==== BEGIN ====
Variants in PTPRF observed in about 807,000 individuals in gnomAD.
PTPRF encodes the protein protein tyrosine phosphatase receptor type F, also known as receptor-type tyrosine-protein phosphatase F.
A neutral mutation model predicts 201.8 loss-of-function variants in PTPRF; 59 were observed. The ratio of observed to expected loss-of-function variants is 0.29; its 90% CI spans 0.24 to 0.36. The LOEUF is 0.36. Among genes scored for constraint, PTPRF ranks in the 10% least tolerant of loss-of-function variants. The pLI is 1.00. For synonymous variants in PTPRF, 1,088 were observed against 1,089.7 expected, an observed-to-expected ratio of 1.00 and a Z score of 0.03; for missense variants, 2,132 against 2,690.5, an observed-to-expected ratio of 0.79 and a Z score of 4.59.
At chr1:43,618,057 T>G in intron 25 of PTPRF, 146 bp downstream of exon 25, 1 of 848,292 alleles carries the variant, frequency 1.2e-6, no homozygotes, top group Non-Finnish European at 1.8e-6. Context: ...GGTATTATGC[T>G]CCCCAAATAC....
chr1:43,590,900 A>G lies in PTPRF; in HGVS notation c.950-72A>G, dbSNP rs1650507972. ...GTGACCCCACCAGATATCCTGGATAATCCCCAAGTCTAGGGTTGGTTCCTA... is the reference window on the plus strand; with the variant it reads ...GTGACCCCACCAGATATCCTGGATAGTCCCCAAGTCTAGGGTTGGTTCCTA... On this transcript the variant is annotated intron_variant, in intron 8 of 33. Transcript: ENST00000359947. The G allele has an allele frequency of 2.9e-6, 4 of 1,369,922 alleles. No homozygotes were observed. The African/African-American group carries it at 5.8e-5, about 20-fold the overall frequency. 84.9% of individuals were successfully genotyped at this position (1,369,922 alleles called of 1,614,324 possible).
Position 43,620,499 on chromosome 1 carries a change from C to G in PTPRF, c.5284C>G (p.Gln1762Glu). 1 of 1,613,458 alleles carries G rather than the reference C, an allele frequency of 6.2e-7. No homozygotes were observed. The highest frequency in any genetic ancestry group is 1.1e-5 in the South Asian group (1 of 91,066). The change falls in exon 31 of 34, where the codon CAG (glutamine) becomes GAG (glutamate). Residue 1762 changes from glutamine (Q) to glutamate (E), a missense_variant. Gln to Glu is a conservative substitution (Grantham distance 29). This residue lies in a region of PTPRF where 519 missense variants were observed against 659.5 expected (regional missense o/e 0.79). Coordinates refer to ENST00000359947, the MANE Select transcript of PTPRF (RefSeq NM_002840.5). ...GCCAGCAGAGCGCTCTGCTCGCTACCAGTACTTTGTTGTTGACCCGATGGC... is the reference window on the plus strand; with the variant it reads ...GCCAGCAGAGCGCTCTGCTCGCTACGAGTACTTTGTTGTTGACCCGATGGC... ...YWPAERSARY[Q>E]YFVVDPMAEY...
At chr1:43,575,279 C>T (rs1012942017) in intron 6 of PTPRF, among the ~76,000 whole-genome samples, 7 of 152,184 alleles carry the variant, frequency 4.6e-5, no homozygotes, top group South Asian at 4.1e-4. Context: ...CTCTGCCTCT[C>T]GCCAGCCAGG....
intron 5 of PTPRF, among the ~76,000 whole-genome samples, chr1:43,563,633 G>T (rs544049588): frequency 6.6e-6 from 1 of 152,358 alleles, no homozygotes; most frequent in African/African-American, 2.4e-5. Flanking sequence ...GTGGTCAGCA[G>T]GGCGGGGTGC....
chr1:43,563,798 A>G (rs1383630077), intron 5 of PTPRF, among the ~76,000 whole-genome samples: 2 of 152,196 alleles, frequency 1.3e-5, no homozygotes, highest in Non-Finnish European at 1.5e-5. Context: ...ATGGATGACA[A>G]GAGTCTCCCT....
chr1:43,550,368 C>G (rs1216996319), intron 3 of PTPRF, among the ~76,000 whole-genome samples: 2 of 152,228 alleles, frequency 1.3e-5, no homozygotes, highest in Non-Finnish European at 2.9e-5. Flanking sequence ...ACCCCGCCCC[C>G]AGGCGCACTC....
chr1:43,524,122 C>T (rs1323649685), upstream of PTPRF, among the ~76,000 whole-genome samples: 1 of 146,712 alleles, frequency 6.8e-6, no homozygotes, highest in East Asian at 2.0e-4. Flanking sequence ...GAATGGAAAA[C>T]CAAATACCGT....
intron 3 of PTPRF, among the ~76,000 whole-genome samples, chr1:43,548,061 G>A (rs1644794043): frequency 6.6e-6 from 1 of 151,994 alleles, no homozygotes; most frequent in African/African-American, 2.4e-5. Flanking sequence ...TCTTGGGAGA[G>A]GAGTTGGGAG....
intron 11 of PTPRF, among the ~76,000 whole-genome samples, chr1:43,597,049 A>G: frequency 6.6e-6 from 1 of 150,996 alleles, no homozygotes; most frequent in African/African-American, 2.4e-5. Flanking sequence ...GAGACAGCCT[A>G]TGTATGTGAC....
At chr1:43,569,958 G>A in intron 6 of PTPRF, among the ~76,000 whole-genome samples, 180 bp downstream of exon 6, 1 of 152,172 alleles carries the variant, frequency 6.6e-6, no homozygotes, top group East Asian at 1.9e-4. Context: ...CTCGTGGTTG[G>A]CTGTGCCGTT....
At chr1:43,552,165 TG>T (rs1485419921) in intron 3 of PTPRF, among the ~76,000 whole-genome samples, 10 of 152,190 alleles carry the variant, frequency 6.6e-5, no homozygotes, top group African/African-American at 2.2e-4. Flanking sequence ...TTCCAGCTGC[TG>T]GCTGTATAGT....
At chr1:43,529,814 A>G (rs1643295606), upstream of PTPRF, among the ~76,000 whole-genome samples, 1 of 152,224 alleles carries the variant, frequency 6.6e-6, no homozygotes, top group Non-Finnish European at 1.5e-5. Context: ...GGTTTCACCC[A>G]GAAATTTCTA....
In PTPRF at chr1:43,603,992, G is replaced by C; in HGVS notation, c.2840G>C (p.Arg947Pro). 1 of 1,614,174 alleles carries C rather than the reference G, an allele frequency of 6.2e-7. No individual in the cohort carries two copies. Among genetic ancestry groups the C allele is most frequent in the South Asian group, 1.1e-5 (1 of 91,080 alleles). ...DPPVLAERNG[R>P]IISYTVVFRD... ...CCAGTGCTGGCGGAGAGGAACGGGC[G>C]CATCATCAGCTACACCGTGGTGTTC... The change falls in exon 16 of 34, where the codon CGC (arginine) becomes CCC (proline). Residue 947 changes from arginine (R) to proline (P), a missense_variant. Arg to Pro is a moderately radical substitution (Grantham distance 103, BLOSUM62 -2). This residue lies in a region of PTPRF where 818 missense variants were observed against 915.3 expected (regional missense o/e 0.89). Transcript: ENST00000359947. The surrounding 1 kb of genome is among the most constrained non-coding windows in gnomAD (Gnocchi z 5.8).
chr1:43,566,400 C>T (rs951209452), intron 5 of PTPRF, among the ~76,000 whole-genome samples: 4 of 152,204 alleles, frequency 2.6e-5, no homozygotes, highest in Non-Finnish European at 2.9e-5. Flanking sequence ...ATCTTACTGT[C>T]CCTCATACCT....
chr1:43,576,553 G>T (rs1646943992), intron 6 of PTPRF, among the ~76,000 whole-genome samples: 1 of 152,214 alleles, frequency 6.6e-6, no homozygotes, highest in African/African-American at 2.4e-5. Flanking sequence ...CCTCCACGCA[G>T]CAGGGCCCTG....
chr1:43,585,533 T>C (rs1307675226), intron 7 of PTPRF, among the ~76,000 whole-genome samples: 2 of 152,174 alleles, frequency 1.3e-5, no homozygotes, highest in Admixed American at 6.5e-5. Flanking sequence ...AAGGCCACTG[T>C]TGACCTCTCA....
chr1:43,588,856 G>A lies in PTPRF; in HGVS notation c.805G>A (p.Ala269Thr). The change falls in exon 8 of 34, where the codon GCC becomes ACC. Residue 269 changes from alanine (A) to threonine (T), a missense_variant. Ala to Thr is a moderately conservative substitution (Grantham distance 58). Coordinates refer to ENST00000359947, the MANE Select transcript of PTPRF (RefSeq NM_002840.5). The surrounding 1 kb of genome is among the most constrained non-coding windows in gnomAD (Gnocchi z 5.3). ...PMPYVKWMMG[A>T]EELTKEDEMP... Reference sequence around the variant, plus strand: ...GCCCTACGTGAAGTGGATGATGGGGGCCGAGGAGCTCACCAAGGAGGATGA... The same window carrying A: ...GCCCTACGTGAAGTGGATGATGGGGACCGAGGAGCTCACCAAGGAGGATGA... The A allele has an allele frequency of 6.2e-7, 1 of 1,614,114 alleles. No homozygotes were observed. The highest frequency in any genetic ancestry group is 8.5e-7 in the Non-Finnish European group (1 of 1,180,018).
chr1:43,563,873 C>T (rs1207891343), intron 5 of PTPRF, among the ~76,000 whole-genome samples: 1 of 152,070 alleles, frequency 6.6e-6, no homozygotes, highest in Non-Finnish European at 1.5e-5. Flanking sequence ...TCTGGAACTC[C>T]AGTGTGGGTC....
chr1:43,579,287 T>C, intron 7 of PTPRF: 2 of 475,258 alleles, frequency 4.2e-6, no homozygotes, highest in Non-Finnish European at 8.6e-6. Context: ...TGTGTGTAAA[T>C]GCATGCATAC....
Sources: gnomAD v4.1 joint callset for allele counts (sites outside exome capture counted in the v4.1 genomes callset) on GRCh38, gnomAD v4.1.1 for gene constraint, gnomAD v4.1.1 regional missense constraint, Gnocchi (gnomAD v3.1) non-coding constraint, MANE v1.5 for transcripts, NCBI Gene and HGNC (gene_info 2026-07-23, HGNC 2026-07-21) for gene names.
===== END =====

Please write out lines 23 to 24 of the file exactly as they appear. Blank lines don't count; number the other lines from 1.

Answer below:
chr1:43,579,287 T>C, intron 7 of PTPRF: 2 of 475,258 alleles, frequency 4.2e-6, no homozygotes, highest in Non-Finnish European at 8.6e-6. Context: ...TGTGTGTAAA[T>C]GCATGCATAC....
Sources: gnomAD v4.1 joint callset for allele counts (sites outside exome capture counted in the v4.1 genomes callset) on GRCh38, gnomAD v4.1.1 for gene constraint, gnomAD v4.1.1 regional missense constraint, Gnocchi (gnomAD v3.1) non-coding constraint, MANE v1.5 for transcripts, NCBI Gene and HGNC (gene_info 2026-07-23, HGNC 2026-07-21) for gene names.